"Breakfast at 11 - Mrs B- then came & sat with me till I was ready to go out - at 11 ½, we set off to No. 15 Quai Voltaire to see how the workmen were getting on - very well - got home at 12 ½ - left Mrs B- & went to my bookseller no. 8 Rue Vivienne about the binding of Lord Byron's works - He had forgotten the agreement then afterwards said I had mistaken to have the volumes so handsomely bound & gilt for 3 ½ francs a volume - at last brought a book home to shew as a pattern - got back about 1 ¼ - found Madame Galvani here - shewed her the book - 3 francs a volume for such a binding would be quite[?] for the edges of the leaves were gilt, & the binding had a little gilding, the leather was bad - it was sheep, not ½ so good as calf, & 3 francs a volume would be quite enough for it - Mrs B- had had Mrs de Lancey - she came to us & we all set off to no. 15 Quai Voltaire to choose papers for Mrs B-'s room. Monsieur Vincent the proprietaire (landlord) allows 25 solssous for each rouleauroll of paper, & six francs per piece for the bordering - Mrs B-'s salon will take about 10 rouleaus - we chose papers & borders for the lodging rooms at Mr Vincent's prices, but for the salon nothing would do at less than 40 sols the rouleau, the additional 15 sols per rouleau must be paid by Mrs B-. Madame Galvani so much prefers a paper tout uni for a salon (all the same colour) and her taste in French furnishing must be so much better than ours, Mrs B- took it, & chose a light-grey stone colour & a green border for her drawing room - this which we should not have thought would look well even in a housekeeper's room in England, is much more comme il fautconforming to accepted standards here according to Madame Galvani, who says our papers in England are the ugliest things in the world, & in the worst taste - she like a paper tout uni whose value depends entirely on the fineness of the paper - we had almost chosen a very pretty paper (a blue star on a salmon-coloured ground) at 6 francs a rouleau, but Madame Galvani so much preferred the one tout uni, at 40 sols, that we thought it best to take the cheaper - Madame Galvani thinks a paper tout uni, couleur de amaranthe[sic] (a not very deep crimson) the handsomest, with what she calls a bordure Grec[que]Greek border, which paper would be from 9 to 12 francs a rouleau according to the quality, and she ordered some of this a 9 francs for her own little salon which she means to have done in the spring - in returning, looking into a large china-shop (very near to our no. 15), sauntered along the terrace d'eau round the Tuileries gardens - parted with Madame G- in Rue Castiglione, got home at 3 ¾. Mrs B- came into my room at 4 & we sat5 quietly together till after 5 - Dinner at 5 ¼ - did not dress because it being the 12th night after Xmas we were to have a soirée this evening - we staid in the drawing room till 7, then came up together to have my hair cut & dressed by Monsieur Creuseton, Place Vendôme 22, who cut my hair before, a nice little civil man who seems to know what he is about, & whom I would recommend - I had no serious thought of joining the party this evening(why dress & get cold? & not to dress when everyone else does is uncomfortable) but possibly I might - however when Mrs B- went down to her room to be coiffée, I fell asleep for ½ hour, & on awakening determined to stay quietly in my own room - she came to me at 9 for 20 minutes before going to the drawing room - Just before dinner Mrs B- lay down on my bed, being tired, and we talked quietly of Madame G[alvani] as a teacher, etc. invaluable to us, because a perfect gentlewoman versed in the language & usages of good society, advantages we strangers could seldom have in one teacher, & she teaches grammatically - but a person ought to be a pretty good grammarian before becoming a pupil of hers, & Mrs B- must look after Jane, & see that she made good use of the Grammaire des Grammaires - Said I had a high opinion of her, did not believe her now a woman of gallantry according to Madame de B[oyve], but that I wished Mrs B to be particular, always kind and attentive, but not to give a too general invitation, not t[o] be much seen with her or ever to walk with her. Mrs B was a person to fight Madame G[alvani]'s battles however unjust such and such things were said and Mrs B must be careful. She and I were different persons - I might do a thousand things she could not - A little before 4 Mrs B- sent Page to take back the book I brought this morning from no. 8 Rue Vivienne - Before going out this morning I left my letter to my aunt (Shibden) for Cordingley to take to the post - In the evening from 8 ½ to 11 ¾ (had tea at 10 ½) read Molière's farce of Monsieur [de] Pourceaugnac volume 5 and wrote the whole of this journal of today - Very fine day - F.56° at 11 ¾ p.m. - A gentleman & lady arrived today to live in the tent[?] room (Mrs Mackenzie's) & made their appearance at dinner. She had a pretty little figure but he has not an amiable countenance - seems clever - a bas bleubluestocking? He looks as if he had not much in him - nothing very taking about them - not perhaps haut ton du toutof high society; but I know not their name, & was too far from them to take much notice - EO[venereal complaint symbol] - Thirty minutes rubbing in mercury and about a quarter hour cutting my toenails" (6-Jan-1825).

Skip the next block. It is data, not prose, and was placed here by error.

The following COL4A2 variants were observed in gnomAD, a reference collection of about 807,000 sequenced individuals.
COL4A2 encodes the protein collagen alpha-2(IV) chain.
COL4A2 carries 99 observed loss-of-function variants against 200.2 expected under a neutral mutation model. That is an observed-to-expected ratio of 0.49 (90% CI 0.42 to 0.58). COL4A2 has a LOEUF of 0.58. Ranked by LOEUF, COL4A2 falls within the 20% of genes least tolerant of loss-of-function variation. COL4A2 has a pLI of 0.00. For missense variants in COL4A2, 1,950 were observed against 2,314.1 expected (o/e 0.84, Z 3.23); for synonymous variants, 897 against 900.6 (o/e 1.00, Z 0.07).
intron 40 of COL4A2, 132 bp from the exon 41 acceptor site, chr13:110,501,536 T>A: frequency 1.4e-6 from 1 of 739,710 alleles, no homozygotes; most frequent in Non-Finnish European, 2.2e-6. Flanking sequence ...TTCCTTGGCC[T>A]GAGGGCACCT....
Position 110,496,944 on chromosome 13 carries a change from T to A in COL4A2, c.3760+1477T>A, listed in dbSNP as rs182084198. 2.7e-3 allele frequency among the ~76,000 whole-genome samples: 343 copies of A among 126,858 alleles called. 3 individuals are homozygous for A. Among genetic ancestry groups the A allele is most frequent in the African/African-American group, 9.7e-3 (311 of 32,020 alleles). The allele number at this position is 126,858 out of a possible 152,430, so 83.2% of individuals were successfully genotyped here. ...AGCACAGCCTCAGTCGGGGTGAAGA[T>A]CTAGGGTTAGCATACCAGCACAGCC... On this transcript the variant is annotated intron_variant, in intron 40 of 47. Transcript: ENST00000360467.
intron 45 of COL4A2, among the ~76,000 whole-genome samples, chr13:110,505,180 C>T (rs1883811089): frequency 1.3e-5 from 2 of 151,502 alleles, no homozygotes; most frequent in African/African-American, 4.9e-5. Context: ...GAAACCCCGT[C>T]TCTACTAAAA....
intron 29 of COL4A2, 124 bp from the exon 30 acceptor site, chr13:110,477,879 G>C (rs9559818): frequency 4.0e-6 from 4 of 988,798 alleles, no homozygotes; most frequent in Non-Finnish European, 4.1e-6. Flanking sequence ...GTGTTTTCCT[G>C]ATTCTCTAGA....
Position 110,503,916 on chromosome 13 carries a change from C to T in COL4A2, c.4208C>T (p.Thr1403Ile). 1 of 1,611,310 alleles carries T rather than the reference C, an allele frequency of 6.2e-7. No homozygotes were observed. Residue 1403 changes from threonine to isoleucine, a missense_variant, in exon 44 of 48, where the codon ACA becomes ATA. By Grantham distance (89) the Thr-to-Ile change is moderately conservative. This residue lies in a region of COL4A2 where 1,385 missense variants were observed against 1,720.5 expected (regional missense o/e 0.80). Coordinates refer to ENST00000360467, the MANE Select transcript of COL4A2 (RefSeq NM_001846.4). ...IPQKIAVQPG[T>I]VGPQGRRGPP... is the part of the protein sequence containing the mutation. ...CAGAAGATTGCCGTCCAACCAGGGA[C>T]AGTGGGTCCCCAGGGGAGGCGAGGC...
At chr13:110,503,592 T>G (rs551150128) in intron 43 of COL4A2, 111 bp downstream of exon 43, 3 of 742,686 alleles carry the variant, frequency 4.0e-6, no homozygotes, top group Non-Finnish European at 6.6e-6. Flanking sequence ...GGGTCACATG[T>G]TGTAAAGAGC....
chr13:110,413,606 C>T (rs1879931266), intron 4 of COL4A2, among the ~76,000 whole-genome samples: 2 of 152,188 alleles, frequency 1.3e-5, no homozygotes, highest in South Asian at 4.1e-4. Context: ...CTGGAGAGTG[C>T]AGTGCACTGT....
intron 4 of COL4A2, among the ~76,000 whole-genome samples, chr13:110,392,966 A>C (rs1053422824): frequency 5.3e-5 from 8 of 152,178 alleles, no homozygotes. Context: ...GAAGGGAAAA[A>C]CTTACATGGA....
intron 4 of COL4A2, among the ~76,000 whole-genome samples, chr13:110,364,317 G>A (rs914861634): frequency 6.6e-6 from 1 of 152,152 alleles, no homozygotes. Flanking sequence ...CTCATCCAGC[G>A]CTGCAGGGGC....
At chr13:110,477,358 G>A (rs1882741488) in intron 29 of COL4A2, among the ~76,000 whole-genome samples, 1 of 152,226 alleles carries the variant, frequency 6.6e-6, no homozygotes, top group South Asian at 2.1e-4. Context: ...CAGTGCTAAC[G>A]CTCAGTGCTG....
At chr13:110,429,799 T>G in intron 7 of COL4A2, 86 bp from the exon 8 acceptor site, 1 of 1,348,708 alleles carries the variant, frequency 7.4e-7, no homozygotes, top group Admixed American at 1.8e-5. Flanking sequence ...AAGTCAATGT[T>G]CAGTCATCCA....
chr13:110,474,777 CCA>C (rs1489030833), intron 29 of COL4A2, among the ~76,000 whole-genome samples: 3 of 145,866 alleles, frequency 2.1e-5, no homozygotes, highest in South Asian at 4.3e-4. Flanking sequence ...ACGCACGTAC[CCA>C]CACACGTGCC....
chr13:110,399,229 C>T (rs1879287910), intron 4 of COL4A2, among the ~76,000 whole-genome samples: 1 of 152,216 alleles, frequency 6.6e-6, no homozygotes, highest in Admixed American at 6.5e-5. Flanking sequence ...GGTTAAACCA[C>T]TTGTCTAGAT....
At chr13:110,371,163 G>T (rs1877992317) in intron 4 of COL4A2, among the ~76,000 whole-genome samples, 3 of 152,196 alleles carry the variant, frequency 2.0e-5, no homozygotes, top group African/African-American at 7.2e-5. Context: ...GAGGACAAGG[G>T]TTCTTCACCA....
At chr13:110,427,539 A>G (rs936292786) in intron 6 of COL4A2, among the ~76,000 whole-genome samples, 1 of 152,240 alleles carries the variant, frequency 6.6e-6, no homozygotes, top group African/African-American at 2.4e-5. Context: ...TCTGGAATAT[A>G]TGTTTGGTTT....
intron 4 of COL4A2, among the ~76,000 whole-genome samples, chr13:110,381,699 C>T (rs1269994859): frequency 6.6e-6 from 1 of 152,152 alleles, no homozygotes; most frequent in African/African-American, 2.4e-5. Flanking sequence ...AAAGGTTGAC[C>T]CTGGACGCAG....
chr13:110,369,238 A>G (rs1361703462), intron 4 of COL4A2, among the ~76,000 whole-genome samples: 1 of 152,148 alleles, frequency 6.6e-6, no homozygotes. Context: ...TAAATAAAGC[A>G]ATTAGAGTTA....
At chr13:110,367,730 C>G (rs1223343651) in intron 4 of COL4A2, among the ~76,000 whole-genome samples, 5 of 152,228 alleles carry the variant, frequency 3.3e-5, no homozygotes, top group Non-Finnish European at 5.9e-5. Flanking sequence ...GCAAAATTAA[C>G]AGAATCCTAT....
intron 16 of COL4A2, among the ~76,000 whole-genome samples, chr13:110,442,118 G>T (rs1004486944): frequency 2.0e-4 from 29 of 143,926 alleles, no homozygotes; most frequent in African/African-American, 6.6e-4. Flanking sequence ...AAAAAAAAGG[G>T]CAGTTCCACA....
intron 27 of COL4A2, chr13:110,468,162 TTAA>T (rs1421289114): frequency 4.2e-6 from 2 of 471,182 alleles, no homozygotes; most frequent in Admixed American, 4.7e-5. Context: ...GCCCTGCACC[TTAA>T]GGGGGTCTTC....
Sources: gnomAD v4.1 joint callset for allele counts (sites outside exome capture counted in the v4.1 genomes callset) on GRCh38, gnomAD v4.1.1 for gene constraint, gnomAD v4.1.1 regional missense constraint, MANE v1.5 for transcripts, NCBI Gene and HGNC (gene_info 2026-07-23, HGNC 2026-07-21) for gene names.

"Got out of bed at 9:55, to have a bath in Page's room - finding it 104° Fahrenheit talked ¼ hour to Mrs B-, got into it at 10 ¼ - staid in an hour, & in bed again at 11 ½ - breakfast almost immediately & Mrs B- came about 11:40 & sat with me (hemming a tablecloth) till luncheon - afterwards sat and then lay by me till five and a quarter - grubbled her well - Dinner at 6 - Mr & Mrs C- & Mademoiselle de S- dined out - Mr Gladstones in his room with a bowl complete - Mr Moore (who was here soon after I first came) dined with us - left him & Captain & Mrs Baldero & Mr Goddard to Madame de Boyve, & Mrs B- & I came to my room immediately after dinner.She lay down while I had my hair curled, having a pain in her back, about which I afterwards joked a little and she agreed it might be a little my bringing on (that is by grubbling). I had lain down by her and was just going to grubble when Page brought tea at ten - Sent away the tea things at 10[sic] - Soon got into bed, sucked her left breast a considerable time and she saw me look at it twice or thrice then put my tongue into her mouth - she bit it in fun then let me suck hers and wet her lips as if she liked it. Talked of animals except man never copulating during gestatio[n]. She told me what it was the dean's daughter had said: she had married a sickly man who it was jokingly said could not do much, but she boasted he had and in proof urged the spoiling of two mattresses borrowed for the occasion. Mrs B had been asked by the lender of them if she thought this possible. She said no, the lady must have been unwell, it might be accident, fright might make her so. 'No,' said I, 'you know she had no fear - quite the contrary - but excess of pleasure might also produce this effect, it might also bring on a sort of convulsive affection by which a woman might hold a man fast - instanced the case of dogs. Some men had had their wives till within a few hours of labour. I soon found she was becoming gradually excited and had soon my right middle finger up her and grubbled her well. Then, during a little cessation, she said I knew anatomy well or could not know how to create such great excitement. Perceiving her ready at her again, determined to give her enough but his was not an easy matter for tho' I had one or more fingers of my right hand up her at least an hour without ceasing she was by no means either tired or perhaps I found it hard work and my hand was quite fatigued. I told her several times my wonder at her being able to bear so much, I was far the most tired of the two (she said she liked to have my hand there, her passions had been so long unroused she supposed they were therefore stronger now), that I could not think her cold now, that I had said I would not marry a pig in a poke and I had now tried her. I asked repeatedly if it eazed[sic] her, saying 'Tell me if I do, don't let me do that.' She always answered 'No', and talked only of my hurting myself. She said once or twice 'When will it be over?'. I said that so long as I felt that I evidently did not teaze[sic] her I could not leave her. She drew me to her - at last I said I was almost turned out. She asked what I meant, I answered she held me so tight, her queer held my fingers so closely, it required double strength to move them. I feared she might be a little sore tomorrow - she said with the utmost composure she thought she should, seeming not to mind it at all. I never had such a grubbling as this in my life before. All shew of reluctance is over now and I may say and do as I like, tho' on offering to kiss her queer just before she left me she prevented me. 'May I not?' said I. She answered 'No, not now.' I asked if she was angry - she replied, 'Oh no, I have no reason.' I still tell her she is not warm. She is affectionate, for her feelings hang on so fine a thread the least thing would break it. I knew I should be happy and that I should be quite satisfied with her. She said that was a consolation - Very kind letter from my aunt this morning - all well - wish me to stay as long as necessary - to let them know if I want more money - they had had acknowledgement from Messrs DeLisle Janvrin & DeLisle by return of post of the money - Fair in the morning, rain early on about noon for a couple of hours - afterwards thick & foggy - F.53° at at[sic] 10 this morning - wrote the rough draft of this journal of today in bed which took me till 3 - My cousin soon after the bath" (7-Jan-1825).